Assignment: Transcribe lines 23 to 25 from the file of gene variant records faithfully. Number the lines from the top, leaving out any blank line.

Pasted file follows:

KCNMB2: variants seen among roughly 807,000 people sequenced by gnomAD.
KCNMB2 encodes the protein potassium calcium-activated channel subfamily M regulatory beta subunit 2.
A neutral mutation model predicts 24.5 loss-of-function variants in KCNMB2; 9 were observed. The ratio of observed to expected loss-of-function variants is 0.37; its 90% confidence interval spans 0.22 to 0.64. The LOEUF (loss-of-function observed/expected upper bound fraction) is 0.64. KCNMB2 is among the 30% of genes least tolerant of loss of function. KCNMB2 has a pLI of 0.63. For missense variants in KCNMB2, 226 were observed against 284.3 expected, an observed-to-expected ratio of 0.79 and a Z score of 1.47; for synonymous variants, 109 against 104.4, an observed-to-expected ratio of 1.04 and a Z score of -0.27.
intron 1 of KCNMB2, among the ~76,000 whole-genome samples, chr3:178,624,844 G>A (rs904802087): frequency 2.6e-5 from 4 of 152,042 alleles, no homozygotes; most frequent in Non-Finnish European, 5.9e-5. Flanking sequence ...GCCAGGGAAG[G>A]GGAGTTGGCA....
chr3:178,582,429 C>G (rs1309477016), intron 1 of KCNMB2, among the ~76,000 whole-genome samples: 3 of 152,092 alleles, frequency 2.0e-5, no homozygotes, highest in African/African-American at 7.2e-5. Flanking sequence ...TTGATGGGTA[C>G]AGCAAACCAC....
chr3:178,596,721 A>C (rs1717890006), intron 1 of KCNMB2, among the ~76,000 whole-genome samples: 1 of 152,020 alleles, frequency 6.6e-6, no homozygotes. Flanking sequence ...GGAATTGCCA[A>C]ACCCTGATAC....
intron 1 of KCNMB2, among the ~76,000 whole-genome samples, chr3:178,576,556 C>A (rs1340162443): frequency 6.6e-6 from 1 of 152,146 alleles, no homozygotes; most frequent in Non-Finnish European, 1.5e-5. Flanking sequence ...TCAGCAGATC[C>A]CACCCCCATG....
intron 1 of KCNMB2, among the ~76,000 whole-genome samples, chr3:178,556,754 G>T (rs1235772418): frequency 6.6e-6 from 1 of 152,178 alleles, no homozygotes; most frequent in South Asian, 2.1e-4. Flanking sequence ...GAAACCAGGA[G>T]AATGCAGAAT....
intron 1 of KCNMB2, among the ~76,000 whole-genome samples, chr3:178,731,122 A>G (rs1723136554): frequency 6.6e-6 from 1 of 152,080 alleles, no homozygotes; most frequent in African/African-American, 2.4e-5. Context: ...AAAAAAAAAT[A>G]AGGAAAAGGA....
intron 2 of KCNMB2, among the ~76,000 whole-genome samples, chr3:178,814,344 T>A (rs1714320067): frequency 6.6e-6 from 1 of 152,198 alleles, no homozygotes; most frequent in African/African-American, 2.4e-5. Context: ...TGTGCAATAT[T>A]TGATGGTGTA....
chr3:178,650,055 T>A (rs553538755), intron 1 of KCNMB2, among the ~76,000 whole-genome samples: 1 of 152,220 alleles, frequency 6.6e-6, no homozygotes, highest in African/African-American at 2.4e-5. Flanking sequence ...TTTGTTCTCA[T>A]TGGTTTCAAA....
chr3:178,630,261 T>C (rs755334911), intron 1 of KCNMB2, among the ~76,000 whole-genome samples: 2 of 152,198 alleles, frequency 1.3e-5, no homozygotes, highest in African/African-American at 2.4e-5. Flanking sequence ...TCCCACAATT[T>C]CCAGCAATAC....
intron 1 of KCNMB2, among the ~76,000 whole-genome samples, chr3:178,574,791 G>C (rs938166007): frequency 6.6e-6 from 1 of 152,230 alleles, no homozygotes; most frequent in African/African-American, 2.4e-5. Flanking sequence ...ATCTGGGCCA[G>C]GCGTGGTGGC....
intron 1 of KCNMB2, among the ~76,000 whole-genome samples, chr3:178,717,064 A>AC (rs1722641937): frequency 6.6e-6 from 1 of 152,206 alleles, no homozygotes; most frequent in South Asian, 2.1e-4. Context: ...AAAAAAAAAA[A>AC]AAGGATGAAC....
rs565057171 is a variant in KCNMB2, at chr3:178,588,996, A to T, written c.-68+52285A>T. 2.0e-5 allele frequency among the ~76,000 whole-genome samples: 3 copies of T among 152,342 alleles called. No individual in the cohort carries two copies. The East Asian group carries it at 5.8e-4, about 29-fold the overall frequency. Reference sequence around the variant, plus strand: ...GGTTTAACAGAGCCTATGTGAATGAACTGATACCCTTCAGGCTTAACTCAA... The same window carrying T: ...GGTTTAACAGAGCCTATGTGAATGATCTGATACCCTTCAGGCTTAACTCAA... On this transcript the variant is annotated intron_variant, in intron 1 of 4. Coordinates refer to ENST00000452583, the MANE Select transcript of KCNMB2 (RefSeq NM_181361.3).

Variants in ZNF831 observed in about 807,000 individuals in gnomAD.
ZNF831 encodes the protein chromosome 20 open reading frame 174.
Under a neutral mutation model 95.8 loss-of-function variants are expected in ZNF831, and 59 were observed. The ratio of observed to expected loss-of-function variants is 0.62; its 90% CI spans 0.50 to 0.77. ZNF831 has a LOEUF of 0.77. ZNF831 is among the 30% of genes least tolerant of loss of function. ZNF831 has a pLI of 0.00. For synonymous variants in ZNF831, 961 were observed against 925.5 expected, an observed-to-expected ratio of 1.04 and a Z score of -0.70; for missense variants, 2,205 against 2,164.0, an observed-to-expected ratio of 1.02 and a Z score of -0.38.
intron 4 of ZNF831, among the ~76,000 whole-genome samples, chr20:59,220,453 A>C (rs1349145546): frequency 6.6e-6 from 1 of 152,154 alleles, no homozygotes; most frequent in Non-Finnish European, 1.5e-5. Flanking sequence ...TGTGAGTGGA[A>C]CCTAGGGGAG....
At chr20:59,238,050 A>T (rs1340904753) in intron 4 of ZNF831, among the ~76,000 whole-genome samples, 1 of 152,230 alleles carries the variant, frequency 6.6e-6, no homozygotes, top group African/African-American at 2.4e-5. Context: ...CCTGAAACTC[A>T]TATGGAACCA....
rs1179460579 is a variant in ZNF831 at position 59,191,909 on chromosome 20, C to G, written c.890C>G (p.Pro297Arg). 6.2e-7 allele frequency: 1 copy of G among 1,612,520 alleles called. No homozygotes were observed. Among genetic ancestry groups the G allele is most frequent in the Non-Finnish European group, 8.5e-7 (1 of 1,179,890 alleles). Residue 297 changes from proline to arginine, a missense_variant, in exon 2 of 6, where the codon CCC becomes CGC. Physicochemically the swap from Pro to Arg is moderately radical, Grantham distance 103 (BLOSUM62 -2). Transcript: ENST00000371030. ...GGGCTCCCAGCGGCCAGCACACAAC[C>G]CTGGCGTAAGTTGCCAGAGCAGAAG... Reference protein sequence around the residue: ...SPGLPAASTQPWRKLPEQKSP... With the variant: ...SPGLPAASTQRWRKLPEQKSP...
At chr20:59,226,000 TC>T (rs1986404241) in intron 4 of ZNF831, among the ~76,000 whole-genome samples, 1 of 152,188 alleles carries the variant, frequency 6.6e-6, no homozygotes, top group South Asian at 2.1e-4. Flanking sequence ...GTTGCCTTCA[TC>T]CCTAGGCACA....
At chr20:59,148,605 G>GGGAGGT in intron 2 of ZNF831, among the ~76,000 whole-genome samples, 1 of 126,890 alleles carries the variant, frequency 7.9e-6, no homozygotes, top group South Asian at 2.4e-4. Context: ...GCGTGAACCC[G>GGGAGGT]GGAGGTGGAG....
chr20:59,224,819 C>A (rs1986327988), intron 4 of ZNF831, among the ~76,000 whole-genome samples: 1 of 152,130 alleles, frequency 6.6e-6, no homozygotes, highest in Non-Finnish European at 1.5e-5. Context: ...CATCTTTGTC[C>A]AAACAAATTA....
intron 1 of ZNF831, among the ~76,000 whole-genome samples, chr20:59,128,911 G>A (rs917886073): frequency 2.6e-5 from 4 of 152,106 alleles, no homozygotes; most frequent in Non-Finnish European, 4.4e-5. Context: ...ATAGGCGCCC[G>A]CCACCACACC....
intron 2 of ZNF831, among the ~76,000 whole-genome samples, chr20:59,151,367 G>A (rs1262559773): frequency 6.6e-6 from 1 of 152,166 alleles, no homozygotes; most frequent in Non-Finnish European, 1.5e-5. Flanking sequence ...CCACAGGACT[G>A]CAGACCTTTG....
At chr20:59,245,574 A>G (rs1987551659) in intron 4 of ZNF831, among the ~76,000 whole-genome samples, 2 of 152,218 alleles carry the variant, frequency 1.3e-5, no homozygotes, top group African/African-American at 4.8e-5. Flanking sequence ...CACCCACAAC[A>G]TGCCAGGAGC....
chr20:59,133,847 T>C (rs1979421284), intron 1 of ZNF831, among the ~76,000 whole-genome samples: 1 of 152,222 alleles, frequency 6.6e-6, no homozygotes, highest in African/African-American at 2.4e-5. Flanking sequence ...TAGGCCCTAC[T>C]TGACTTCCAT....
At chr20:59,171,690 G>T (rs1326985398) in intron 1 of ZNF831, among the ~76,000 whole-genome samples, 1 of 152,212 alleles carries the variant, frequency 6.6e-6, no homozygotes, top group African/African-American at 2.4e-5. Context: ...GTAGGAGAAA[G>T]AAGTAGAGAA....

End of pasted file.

At chr20:59,148,605 G>GGGAGGT in intron 2 of ZNF831, among the ~76,000 whole-genome samples, 1 of 126,890 alleles carries the variant, frequency 7.9e-6, no homozygotes, top group South Asian at 2.4e-4. Context: ...GCGTGAACCC[G>GGGAGGT]GGAGGTGGAG....
chr20:59,224,819 C>A (rs1986327988), intron 4 of ZNF831, among the ~76,000 whole-genome samples: 1 of 152,130 alleles, frequency 6.6e-6, no homozygotes, highest in Non-Finnish European at 1.5e-5. Context: ...CATCTTTGTC[C>A]AAACAAATTA....
intron 1 of ZNF831, among the ~76,000 whole-genome samples, chr20:59,128,911 G>A (rs917886073): frequency 2.6e-5 from 4 of 152,106 alleles, no homozygotes; most frequent in Non-Finnish European, 4.4e-5. Context: ...ATAGGCGCCC[G>A]CCACCACACC....